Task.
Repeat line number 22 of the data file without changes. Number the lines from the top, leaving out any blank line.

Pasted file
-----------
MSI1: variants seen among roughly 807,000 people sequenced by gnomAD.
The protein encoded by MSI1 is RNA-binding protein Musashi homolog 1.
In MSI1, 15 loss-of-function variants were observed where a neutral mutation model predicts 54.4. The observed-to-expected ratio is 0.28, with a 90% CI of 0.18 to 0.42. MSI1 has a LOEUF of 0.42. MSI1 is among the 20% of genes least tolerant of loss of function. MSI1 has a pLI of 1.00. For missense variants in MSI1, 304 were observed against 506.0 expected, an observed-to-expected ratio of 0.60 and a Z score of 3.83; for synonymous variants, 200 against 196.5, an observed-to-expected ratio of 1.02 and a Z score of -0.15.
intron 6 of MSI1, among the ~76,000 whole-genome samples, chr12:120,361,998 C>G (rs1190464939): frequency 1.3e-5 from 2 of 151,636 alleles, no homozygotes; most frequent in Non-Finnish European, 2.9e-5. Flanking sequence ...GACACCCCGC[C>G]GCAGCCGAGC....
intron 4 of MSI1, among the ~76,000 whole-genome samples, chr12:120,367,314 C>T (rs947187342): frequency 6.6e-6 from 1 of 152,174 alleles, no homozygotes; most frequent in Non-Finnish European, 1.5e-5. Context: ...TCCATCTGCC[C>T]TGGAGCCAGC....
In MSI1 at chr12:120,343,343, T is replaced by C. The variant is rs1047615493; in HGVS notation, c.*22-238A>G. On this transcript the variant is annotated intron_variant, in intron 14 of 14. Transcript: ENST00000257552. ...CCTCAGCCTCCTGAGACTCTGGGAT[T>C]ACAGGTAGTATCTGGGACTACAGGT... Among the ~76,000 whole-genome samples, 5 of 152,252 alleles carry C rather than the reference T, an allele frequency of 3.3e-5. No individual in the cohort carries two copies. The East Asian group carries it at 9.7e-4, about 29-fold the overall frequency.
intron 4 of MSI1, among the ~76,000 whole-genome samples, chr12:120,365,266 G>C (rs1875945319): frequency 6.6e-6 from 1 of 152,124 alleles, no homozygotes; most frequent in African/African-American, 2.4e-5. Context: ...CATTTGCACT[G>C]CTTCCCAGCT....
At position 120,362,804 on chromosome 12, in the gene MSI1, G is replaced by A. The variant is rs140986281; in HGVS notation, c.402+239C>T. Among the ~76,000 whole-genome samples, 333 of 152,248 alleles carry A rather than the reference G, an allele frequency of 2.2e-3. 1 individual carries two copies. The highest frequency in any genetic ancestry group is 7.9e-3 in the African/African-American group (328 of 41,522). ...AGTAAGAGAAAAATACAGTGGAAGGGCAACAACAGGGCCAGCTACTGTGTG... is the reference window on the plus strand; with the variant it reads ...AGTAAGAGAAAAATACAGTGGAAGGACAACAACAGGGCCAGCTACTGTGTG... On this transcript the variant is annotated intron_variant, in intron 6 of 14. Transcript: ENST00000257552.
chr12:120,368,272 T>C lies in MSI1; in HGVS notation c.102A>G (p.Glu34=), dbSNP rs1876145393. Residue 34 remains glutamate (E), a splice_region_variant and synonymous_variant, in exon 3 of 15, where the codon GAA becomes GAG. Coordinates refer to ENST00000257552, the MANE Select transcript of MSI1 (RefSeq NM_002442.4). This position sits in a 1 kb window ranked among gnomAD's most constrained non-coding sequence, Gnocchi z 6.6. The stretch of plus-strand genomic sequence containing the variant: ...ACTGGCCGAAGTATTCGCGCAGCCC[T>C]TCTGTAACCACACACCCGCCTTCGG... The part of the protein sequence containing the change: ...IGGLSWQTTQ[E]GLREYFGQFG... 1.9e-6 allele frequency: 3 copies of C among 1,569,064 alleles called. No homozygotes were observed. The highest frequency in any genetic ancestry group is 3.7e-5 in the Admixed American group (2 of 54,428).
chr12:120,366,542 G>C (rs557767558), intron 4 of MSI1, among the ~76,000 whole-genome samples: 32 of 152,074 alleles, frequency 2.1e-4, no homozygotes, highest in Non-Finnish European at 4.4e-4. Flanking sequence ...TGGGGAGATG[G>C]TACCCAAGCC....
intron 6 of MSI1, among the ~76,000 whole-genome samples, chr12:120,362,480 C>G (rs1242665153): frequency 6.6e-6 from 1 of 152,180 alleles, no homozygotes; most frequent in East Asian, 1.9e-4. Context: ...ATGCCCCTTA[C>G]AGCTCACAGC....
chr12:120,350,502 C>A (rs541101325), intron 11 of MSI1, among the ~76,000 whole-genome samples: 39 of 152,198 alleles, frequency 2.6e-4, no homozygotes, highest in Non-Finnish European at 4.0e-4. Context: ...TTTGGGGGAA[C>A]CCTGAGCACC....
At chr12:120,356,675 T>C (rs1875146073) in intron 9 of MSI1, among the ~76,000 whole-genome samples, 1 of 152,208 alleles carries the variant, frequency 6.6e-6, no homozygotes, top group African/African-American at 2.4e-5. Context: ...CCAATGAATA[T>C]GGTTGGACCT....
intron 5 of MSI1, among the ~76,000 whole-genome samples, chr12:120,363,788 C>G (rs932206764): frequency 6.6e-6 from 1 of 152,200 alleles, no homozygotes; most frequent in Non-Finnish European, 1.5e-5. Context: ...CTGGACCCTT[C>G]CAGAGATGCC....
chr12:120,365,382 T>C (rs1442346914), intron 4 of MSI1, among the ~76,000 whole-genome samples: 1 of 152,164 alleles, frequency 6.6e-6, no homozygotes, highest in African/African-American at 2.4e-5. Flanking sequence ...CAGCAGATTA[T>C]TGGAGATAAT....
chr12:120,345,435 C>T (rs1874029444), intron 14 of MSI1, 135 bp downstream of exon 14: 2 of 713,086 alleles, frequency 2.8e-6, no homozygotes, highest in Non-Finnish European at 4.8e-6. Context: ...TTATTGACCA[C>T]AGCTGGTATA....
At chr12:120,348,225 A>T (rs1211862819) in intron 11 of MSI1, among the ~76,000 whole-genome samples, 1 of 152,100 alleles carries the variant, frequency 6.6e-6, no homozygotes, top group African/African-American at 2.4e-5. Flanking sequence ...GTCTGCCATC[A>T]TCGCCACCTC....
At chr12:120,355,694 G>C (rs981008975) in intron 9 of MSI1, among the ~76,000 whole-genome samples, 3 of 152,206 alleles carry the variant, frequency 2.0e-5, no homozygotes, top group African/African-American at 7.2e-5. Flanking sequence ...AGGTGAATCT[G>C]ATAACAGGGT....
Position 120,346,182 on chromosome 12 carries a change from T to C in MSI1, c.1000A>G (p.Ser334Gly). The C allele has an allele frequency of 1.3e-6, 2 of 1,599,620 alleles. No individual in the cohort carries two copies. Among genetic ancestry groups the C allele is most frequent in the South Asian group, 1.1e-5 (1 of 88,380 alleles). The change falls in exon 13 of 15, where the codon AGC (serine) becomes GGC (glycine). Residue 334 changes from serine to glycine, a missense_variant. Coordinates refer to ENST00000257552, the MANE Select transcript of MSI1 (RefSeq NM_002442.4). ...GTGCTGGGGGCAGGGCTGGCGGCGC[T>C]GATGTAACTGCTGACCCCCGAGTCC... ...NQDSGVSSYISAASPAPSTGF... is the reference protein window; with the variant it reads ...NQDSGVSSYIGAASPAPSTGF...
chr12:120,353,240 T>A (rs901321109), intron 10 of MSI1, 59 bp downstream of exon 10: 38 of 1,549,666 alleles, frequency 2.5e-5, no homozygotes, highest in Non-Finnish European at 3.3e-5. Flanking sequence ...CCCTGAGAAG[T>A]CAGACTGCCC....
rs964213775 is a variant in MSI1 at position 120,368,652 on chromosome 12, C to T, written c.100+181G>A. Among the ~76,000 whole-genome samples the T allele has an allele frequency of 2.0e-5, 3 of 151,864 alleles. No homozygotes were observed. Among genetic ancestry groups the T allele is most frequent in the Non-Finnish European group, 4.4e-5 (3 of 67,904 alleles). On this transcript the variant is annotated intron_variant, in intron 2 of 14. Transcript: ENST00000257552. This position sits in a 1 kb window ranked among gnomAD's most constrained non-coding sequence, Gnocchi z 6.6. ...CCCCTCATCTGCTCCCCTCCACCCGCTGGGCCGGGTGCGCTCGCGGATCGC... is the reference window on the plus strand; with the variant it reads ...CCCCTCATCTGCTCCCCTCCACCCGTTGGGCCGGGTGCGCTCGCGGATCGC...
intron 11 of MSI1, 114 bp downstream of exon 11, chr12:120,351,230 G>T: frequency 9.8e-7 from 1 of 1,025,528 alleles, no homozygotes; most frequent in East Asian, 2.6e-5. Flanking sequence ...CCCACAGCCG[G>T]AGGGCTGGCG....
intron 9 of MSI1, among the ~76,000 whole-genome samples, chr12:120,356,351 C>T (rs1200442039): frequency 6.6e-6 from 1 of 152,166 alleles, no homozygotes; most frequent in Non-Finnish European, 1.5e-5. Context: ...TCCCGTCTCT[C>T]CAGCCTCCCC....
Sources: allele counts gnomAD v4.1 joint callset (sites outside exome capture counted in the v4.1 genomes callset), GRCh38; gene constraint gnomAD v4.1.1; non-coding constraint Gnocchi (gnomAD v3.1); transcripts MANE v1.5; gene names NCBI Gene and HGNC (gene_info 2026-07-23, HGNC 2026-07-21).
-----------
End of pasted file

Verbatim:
intron 11 of MSI1, 114 bp downstream of exon 11, chr12:120,351,230 G>T: frequency 9.8e-7 from 1 of 1,025,528 alleles, no homozygotes; most frequent in East Asian, 2.6e-5. Flanking sequence ...CCCACAGCCG[G>T]AGGGCTGGCG....